I was determined that if a service like that didn't exist, I would start it up myself when I had the money for it. Then I did a last desperate search with slightly weirder keywords and
I have a very simple rule of thumb when it comes to contracts, which has helped me massively in life: if the contract seems too good to be true, it's because it is. In my life, I've only experienced that rule be broken twice. The first time was rsync.net. It's like someone read my thoughts and built a service tailored to my needs. I couldn't stop laughing when I read through their web site, convinced it was a joke. It was just too good to be true.
They even have a data centre in Zürich, Switzerland. I have an unhealthy obsession with Switzerland and how I imagine they have much stronger privacy guarantees than EU countries.
rsync.net simply can't be real. They're way too good. They're too perfect.
I still decided to search for other peoples opinions of them on the internet. There were surprisingly few mentions of them, but I couldn't get the thought of trying them out for a month out of my mind. It would only be about $6, so it's not a huge loss. And they have a "terminate any time you want no questions asked" policy. (I'm telling you they're too good.)
So that night I spent setting up automatic backups on my primary computer. I do an incremental backup every night, and then I rotate full backups once a week and save around 8 weeks worth of full backups. I figured that should be enough.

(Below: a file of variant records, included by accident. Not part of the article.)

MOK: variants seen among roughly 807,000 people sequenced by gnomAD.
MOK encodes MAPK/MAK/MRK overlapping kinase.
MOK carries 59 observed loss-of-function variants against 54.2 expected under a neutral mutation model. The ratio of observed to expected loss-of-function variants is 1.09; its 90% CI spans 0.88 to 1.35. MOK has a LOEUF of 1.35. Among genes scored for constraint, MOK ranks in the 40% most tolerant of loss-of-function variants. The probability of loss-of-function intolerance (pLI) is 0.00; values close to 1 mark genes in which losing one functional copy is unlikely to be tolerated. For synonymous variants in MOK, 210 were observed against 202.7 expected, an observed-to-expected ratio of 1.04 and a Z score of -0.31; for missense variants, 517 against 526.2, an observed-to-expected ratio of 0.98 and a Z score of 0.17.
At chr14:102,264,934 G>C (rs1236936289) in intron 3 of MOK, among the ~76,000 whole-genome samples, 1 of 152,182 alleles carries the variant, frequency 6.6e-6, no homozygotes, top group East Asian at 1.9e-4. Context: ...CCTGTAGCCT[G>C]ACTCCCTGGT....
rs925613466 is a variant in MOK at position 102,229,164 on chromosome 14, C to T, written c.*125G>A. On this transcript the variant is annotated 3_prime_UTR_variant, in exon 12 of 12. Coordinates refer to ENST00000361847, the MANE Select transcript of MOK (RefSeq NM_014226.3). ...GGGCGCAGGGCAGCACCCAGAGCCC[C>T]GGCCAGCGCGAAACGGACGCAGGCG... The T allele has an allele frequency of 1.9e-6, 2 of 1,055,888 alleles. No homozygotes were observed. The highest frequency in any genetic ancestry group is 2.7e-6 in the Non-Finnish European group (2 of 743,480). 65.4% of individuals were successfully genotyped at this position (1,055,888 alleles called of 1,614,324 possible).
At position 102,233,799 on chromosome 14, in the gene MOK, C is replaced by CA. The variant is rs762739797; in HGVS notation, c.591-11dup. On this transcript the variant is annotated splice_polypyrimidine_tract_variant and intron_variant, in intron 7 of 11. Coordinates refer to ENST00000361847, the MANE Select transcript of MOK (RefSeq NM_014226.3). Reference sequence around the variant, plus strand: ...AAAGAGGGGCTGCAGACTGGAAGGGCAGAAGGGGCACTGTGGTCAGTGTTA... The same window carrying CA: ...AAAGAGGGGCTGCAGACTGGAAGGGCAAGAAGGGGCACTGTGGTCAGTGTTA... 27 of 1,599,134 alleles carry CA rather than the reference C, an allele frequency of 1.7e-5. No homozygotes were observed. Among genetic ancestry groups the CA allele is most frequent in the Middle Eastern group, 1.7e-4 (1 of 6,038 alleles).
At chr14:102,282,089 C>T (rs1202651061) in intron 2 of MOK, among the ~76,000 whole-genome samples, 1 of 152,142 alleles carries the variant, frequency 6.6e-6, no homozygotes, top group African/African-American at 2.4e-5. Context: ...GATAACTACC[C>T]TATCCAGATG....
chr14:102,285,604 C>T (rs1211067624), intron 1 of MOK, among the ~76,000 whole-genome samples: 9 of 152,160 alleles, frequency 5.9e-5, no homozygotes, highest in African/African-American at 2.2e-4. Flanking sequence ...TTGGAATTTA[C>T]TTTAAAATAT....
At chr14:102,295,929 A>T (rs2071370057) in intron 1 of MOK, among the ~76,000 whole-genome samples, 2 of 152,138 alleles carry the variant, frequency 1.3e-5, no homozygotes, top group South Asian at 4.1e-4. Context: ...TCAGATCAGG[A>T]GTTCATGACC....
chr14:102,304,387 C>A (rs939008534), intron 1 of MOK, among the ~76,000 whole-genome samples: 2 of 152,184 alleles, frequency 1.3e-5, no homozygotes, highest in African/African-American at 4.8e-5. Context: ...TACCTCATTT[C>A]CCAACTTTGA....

It should be easy to maintain backups. Mine are automatic so I don't have to touch them anymore until something goes awry, and I am "completely" protected against hard drive crashes and similar accidents. If you aren't making regular backups today, you should start before it's too late. You're honestly being an idiot if you don't do it, and it's so easy to do. There are no reasons not to do it.
I've now used rsync.net as my primary backup storage for over four years, and I still could not be happier.
One of my hard drives did finally crash back in 2014–2015 sometime, and my rsync.net backups were there, making the transition to a new drive smooth.
I've had some problems with their service (all of which were my fault) and their support is amazing. They'll respond quickly, and you get to speak directly to one of their knowledgeable Unixy tech people. They'll even help you set up your backup scripts, however arcane your system.
I haven't even bothered setting up a private dotfiles repository, because I know I can just fetch the relevant dotfiles from my rsync.net file system. Since my backups are categorised by machine I can find them easily.
They don't spam you with lots of offers. A few days ago I got an email from one of the founders about a new service he's started, "oh by", which is blatant advertising. But you know what? I didn't mind. I read through it. It was short, to-the-point and well written and rendered well in my text-only email client.
I can't say enough good things about rsync.net.
The common complaint is that "they're expensive". Yes, they are expensive. But I promise you get what you pay for. Scalable, live backup with open tools and aboslutely fantastic support, and has been around since 2001 with a bunch of high-profile customers. You don't get that anywhere else, and certainly not for less money.